There was one glaring mis-step from Ben Stokes which cost England a wicket on the second morning of the Ashes, giving Australian opener David Warner a reprieve when he was on 17.
It soon emerged that Stokes, bowling his first over in a test match since March, had also overstepped the crease on his previous three deliveries and not been called for a no-ball by the umpires.
Later still, Australia’s Ashes broadcaster Channel 7 revealed Stokes had overstepped the front crease 14 times in Thursdays’ opening session and had only been called twice for a no-ball.
The missed opportunity on Warner was a problem for Stokes and England. The amended decision: no ball. Warner got to play on. One run was added to the total — in the sundries column — and an extra delivery had to be bowled in the over.
But it exposed a bigger problem for the match officials.
Cricket Australia said a technology problem at the Gabba meant that the third umpire, Paul Wilson, couldn’t review TV replays of every delivery to check if bowlers were over-stepping the crease, leaving it to the on-field umpires to make the calls.
Ex-Australia test captain Ricky Ponting described it as “pathetic officiating” during the match commentary.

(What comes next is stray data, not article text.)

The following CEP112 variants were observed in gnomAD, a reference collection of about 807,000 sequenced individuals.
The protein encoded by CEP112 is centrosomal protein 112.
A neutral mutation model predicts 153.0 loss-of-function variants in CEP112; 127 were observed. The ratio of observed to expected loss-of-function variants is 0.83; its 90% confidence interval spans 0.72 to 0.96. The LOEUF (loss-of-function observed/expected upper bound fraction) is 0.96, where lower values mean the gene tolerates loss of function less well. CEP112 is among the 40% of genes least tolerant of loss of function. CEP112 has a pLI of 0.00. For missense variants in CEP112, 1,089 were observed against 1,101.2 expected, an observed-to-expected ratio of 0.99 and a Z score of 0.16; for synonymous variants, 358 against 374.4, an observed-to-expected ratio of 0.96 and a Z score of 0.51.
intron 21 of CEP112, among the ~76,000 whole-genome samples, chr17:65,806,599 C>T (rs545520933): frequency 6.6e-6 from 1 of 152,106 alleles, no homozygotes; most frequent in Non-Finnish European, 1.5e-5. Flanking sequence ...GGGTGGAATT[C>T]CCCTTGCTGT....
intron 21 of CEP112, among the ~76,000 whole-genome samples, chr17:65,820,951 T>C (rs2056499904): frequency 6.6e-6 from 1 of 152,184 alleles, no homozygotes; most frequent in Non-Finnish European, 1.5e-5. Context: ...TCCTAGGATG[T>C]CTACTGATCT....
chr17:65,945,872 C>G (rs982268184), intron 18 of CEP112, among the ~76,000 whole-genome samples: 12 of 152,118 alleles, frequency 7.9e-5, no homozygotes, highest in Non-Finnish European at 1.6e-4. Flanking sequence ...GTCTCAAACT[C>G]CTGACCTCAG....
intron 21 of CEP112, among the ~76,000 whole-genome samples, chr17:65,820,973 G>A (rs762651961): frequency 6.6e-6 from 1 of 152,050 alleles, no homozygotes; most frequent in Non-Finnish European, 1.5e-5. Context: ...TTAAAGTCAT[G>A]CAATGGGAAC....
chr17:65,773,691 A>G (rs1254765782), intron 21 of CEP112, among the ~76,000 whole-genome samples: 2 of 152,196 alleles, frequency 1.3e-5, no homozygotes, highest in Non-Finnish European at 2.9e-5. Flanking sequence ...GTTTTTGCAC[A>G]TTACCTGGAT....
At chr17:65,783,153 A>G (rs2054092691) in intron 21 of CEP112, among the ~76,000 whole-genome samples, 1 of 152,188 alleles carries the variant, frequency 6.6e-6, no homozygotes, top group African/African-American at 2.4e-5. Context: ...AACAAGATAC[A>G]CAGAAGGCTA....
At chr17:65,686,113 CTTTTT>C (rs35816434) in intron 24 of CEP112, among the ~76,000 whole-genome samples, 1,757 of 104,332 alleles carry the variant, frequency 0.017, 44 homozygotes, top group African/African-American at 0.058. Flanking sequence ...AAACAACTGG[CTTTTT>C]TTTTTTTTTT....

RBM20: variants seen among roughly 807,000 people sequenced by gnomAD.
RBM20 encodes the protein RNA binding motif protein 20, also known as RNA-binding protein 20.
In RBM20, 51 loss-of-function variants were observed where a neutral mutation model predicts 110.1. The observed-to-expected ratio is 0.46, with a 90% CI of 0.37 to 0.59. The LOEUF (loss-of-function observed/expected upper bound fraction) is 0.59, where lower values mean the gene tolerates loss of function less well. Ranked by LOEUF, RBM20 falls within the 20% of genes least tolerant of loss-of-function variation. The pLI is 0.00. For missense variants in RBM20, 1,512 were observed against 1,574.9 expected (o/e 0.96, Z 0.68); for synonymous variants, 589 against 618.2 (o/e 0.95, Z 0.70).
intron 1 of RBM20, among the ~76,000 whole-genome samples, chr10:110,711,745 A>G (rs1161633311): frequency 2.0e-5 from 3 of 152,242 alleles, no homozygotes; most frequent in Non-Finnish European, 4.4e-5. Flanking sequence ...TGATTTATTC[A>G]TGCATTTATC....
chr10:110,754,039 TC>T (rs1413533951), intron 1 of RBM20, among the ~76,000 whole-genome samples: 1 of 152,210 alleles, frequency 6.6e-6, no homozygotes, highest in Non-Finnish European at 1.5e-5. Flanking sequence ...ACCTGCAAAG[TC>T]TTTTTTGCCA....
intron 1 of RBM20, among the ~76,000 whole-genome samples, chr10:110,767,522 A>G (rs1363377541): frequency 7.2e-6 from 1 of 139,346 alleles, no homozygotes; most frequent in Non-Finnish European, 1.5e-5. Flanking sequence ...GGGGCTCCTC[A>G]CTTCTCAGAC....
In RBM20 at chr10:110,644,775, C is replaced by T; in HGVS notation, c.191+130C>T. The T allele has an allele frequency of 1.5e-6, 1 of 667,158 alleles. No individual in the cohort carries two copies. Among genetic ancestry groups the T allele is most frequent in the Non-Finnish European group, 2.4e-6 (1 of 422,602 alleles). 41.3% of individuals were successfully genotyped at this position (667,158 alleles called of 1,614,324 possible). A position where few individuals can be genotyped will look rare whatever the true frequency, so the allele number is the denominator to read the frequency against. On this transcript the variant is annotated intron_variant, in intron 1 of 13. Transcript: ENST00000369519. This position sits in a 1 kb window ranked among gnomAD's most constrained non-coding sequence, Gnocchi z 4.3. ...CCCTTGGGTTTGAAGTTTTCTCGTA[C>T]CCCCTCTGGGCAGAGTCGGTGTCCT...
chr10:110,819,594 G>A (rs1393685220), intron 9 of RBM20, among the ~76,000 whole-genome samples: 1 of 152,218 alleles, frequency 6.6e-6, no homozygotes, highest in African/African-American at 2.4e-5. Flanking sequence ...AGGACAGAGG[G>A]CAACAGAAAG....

The International Cricket Council is responsible for the implementation of that system that allows the TV official to check for no-balls.
Before a change in the rules last year, it was standard practice for on-field umpires to inform bowlers when they were close to over-stepping and to signal a no-ball.
England captain Joe Root, speaking to Fox Cricket during a break in play, said the missing chance against Warner was “frustrating.”
“The fact we’re creating a good number of chances is really pleasing,” he said. “We’ve got to stay confident … keep trusting what we’re doing and believing we’ll get the rewards.”
England was bowled out for 147 on day one of the series Wednesday, a tally the Australians passed with the loss of one wicket.